Family's pain over losing two sons to knife violence
A Melbourne family was only six months into grieving the murder of their son when his older brother was stabbed to death.
The family had fled war-torn South Sudan to move to Australia, believing it would be a "safe haven".
Kon Kot, 24, died in December 2020 after being stabbed four times by his friend James Makir, including the fatal blow that pierced his heart, in a fight at a Hungry Jack's car park in Melbourne's west.
His young brother Machar Kot, 21, was murdered in June that year by Marco Deng, in another incident of knife violence.
Only a few months after reading out statements to the Supreme Court over Machar's death, the Kot family attended another hearing on Thursday where they remembered "loyal, loving and caring" Kon.
"It had only been six months since we lost my brother Machar. I don't think I'd even begun my grieving process," sister Anhail Kot said in a statement read to court.
The family called several hospitals as they held on to a "glimmer of hope" that Kon could still be alive after hearing about the fight, she said.
"I can't put into words how broken I am that he is no longer here with us," she said.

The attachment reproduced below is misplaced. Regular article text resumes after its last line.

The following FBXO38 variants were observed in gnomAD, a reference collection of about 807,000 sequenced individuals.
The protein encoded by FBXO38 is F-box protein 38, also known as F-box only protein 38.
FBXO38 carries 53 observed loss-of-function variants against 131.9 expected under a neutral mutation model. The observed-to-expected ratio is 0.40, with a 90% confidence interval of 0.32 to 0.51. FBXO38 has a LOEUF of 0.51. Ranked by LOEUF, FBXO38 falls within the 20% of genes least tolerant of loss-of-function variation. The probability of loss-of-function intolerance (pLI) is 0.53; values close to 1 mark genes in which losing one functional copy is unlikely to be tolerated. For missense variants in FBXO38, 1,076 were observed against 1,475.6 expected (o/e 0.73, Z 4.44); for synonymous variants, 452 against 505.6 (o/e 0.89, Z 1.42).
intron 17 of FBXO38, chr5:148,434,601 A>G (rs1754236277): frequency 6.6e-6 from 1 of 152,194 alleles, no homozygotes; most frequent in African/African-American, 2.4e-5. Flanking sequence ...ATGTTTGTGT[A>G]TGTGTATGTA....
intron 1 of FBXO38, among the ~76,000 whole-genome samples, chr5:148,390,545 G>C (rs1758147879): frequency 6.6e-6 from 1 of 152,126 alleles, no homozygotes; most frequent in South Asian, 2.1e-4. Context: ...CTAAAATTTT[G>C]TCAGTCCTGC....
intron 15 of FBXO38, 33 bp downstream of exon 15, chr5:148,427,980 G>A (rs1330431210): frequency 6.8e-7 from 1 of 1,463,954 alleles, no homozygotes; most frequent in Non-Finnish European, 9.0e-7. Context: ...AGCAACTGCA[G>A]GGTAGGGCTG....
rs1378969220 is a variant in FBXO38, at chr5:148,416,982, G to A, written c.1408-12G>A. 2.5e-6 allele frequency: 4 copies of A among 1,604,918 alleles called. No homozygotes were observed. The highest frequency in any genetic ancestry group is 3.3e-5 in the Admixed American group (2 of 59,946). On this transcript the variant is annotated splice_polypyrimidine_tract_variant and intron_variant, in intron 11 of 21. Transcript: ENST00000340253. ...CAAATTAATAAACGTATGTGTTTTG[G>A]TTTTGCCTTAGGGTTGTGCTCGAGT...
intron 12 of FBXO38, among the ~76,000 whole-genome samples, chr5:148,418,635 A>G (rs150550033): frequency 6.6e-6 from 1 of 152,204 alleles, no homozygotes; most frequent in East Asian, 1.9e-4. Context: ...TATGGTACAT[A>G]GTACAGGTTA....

"The single actions of this person have tortured me in many ways. I just hope that through all of this we can get some justice for my brother.
"He didn't deserve this. My family didn't deserve this."
Their father Antipas Kot said the family had tried to escape violence in South Sudan by moving to Australia on humanitarian visas more than 20 years ago.
"We thought Australia was a safe haven for us," Mr Kot said in a statement.
"The death of my two sons has devastated my family here and back home. His death shall remain a tragedy."
Makir, 26, sat in the court dock for the pre-sentence hearing, after he pleaded guilty to manslaughter for stabbing Kon outside the Caroline Springs fast food outlet. He is facing up to 25 years in prison.
Kon drove with friends to the Hungry Jack's on the evening of December 21 after receiving a call from his brother Mabior, who was then aged 15, believing Makir was trying to "staunch" his brother, prosecutor Neill Hutton said.
A brawl ensued involving up to six men. Kon punched Makir, who then swung a knife at Kon and stabbed him four times, including a 20cm fatal wound to his chest.
Kon fell to the ground and said "the dog got me". He was later pronounced dead by paramedics.
Makir, who denies bringing a knife to the fight, fled the scene with his friends and the weapon has never been found.
He was initially charged with murder but later pleaded guilty to manslaughter.
His barrister John Desmond said Makir acted spontaneously in what was an "evolving, dynamic situation" and had no plans to kill Kon that evening.
He said Makir, who has a violent criminal history, struggled with drug issues and experienced violence and racism throughout his life.
Justice Amanda Fox reserved her decision and said she would sentence Makir at a later date.
In December, the same judge sentenced Deng to a maximum of 19 years in prison for Machar's murder.